17.07.2013 in17:22 in Creative,photoart -->
British x-ray artist Hugh Turvey appeals to the kid in all of us with his series of x-ray photographs of wrapped Christmas presents. Turvey calls the images Xograms and creates them by placing each object in an x-ray machine, exposing it to photons for up to a minute. Unique coloring techniques are applied by hand.
1997 marked his foray into x-ray photography when he was commissioned to create a ‘revealing’ image for an album cover. He has since created countless x-ray works of everyday objects that appear in ad campaigns, publications and collections worldwide. Turvey is currently an artist-in-residence at the British Institute of Radiology.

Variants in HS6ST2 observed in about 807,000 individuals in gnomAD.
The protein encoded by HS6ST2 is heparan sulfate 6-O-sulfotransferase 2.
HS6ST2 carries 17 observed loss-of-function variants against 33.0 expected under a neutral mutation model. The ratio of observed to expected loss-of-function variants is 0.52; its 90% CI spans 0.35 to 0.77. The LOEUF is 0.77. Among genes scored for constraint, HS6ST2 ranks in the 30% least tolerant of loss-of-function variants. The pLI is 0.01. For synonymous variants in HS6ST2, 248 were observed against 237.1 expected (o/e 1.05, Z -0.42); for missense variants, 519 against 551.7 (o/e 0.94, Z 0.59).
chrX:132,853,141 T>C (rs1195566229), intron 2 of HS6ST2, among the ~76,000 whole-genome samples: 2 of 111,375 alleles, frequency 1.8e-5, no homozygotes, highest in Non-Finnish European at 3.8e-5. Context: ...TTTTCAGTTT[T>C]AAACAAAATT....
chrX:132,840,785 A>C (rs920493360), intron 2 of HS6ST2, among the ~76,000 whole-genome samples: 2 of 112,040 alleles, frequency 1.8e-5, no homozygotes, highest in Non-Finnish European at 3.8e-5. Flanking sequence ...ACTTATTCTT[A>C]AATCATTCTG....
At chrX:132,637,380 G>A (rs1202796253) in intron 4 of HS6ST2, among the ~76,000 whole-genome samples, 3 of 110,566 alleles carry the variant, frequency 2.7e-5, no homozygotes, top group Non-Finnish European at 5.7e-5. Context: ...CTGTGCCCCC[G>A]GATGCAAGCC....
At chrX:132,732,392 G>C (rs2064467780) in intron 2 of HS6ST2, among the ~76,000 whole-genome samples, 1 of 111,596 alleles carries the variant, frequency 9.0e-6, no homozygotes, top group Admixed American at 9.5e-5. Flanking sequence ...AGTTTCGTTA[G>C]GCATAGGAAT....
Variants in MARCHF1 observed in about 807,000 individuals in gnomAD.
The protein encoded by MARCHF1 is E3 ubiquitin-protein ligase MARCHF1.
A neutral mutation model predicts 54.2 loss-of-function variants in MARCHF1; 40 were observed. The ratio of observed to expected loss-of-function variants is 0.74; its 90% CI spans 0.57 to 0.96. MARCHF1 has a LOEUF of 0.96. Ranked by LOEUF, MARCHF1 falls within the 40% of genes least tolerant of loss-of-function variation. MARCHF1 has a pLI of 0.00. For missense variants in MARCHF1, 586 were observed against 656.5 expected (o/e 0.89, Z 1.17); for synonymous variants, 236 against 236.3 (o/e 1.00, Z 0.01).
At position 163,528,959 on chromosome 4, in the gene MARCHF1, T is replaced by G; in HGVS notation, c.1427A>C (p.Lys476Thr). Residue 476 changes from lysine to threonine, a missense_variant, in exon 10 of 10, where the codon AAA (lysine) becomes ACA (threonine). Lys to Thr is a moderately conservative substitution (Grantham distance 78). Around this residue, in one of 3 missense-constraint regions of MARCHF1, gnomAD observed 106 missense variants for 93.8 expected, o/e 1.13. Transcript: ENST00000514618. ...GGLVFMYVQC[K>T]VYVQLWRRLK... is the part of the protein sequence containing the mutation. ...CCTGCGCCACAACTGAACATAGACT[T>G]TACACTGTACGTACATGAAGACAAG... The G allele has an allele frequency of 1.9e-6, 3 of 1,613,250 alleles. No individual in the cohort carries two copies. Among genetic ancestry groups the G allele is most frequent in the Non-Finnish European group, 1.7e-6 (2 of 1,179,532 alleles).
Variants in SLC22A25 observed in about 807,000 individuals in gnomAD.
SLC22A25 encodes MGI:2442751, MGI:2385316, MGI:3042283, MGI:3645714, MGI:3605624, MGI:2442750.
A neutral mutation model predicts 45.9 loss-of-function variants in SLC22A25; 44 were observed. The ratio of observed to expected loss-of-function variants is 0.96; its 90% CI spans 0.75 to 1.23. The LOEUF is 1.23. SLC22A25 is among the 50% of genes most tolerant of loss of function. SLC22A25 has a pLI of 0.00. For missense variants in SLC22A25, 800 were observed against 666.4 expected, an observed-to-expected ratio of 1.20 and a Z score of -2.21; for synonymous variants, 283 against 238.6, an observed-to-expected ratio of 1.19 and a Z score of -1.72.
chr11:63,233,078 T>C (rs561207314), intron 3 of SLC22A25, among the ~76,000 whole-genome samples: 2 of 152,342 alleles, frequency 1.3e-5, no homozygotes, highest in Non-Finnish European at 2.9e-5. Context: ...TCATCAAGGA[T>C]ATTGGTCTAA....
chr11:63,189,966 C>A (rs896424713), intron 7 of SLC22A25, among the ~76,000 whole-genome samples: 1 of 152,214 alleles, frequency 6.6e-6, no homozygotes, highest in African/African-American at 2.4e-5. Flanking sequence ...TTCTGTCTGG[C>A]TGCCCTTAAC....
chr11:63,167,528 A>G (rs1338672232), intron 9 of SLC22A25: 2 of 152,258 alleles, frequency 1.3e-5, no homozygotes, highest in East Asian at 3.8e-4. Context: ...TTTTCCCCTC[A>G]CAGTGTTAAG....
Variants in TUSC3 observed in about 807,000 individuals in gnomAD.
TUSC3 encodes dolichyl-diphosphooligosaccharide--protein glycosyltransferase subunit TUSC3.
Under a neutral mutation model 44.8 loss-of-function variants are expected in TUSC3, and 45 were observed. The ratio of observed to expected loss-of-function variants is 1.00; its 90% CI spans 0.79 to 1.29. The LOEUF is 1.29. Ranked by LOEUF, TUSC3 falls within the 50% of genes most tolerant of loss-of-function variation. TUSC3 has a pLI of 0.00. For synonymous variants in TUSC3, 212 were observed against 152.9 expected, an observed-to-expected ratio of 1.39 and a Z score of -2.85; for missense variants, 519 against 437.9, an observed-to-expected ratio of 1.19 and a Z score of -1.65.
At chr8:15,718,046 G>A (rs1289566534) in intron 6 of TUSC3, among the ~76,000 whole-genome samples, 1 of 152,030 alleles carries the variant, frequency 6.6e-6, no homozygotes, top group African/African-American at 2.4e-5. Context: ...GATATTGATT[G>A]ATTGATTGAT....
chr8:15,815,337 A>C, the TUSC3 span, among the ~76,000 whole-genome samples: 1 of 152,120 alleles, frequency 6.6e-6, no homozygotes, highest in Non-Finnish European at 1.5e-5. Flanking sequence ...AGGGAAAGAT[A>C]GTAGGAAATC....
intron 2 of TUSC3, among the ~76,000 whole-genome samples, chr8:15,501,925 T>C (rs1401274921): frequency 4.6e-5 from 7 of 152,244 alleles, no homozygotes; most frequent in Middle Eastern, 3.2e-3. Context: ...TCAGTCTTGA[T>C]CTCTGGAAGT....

I love using film. The hands on approach and the manipulation of technique: overexposure, multiple exposure, chemical processing, filtering, rigs, mechanics, physics, happy accidents, trial and error and hand colouring. I do not work exclusively with one set of x-ray equipment rather I tailor the equipment to requirement: for example to capture a small insect of low density is very different to that of capturing the high densities of a sports motorbike. Simply put, the only difference between my x-ray images and the photograms produced by the early photographic pioneers is the frequency of the ‘light’ used to expose the ‘paper’.